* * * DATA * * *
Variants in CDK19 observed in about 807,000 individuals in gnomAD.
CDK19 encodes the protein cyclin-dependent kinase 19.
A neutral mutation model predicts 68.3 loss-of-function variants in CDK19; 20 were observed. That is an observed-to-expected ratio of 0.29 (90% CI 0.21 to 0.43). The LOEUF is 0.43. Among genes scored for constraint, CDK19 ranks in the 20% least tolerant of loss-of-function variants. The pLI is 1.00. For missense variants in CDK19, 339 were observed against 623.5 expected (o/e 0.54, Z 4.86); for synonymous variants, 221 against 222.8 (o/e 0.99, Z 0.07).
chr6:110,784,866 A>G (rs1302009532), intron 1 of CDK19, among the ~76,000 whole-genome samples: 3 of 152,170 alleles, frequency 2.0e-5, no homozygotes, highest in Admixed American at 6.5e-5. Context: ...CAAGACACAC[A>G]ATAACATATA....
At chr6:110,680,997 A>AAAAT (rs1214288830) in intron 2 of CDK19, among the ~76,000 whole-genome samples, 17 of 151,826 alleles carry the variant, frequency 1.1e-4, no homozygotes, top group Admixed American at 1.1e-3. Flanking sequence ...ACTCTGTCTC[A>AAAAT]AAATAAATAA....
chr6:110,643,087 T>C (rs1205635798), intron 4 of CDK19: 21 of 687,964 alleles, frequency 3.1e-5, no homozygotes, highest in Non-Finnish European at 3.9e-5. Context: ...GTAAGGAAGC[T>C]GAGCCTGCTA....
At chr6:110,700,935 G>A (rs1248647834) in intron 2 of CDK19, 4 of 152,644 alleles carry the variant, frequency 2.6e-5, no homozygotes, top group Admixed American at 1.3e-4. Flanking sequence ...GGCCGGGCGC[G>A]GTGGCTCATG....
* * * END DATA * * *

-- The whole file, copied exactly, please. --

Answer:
Variants in CDK19 observed in about 807,000 individuals in gnomAD.
CDK19 encodes the protein cyclin-dependent kinase 19.
A neutral mutation model predicts 68.3 loss-of-function variants in CDK19; 20 were observed. That is an observed-to-expected ratio of 0.29 (90% CI 0.21 to 0.43). The LOEUF is 0.43. Among genes scored for constraint, CDK19 ranks in the 20% least tolerant of loss-of-function variants. The pLI is 1.00. For missense variants in CDK19, 339 were observed against 623.5 expected (o/e 0.54, Z 4.86); for synonymous variants, 221 against 222.8 (o/e 0.99, Z 0.07).
chr6:110,784,866 A>G (rs1302009532), intron 1 of CDK19, among the ~76,000 whole-genome samples: 3 of 152,170 alleles, frequency 2.0e-5, no homozygotes, highest in Admixed American at 6.5e-5. Context: ...CAAGACACAC[A>G]ATAACATATA....
At chr6:110,680,997 A>AAAAT (rs1214288830) in intron 2 of CDK19, among the ~76,000 whole-genome samples, 17 of 151,826 alleles carry the variant, frequency 1.1e-4, no homozygotes, top group Admixed American at 1.1e-3. Flanking sequence ...ACTCTGTCTC[A>AAAAT]AAATAAATAA....
chr6:110,643,087 T>C (rs1205635798), intron 4 of CDK19: 21 of 687,964 alleles, frequency 3.1e-5, no homozygotes, highest in Non-Finnish European at 3.9e-5. Context: ...GTAAGGAAGC[T>C]GAGCCTGCTA....
At chr6:110,700,935 G>A (rs1248647834) in intron 2 of CDK19, 4 of 152,644 alleles carry the variant, frequency 2.6e-5, no homozygotes, top group Admixed American at 1.3e-4. Flanking sequence ...GGCCGGGCGC[G>A]GTGGCTCATG....